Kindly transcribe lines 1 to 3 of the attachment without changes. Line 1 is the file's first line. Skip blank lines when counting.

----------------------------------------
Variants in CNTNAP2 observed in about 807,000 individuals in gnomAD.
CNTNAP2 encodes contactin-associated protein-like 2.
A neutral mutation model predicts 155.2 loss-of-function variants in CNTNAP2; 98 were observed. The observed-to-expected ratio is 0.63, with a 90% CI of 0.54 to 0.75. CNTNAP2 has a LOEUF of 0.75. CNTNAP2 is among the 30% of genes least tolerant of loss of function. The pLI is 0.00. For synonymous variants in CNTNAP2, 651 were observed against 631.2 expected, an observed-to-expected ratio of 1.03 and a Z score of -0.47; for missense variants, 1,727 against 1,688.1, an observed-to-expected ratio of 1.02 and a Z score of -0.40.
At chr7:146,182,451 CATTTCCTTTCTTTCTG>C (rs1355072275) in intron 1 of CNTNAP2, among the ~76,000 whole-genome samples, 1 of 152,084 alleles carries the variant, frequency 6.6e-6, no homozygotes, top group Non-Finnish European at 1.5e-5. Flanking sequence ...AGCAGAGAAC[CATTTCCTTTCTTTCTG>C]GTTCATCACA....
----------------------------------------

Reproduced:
Variants in CNTNAP2 observed in about 807,000 individuals in gnomAD.
CNTNAP2 encodes contactin-associated protein-like 2.
A neutral mutation model predicts 155.2 loss-of-function variants in CNTNAP2; 98 were observed. The observed-to-expected ratio is 0.63, with a 90% CI of 0.54 to 0.75. CNTNAP2 has a LOEUF of 0.75. CNTNAP2 is among the 30% of genes least tolerant of loss of function. The pLI is 0.00. For synonymous variants in CNTNAP2, 651 were observed against 631.2 expected, an observed-to-expected ratio of 1.03 and a Z score of -0.47; for missense variants, 1,727 against 1,688.1, an observed-to-expected ratio of 1.02 and a Z score of -0.40.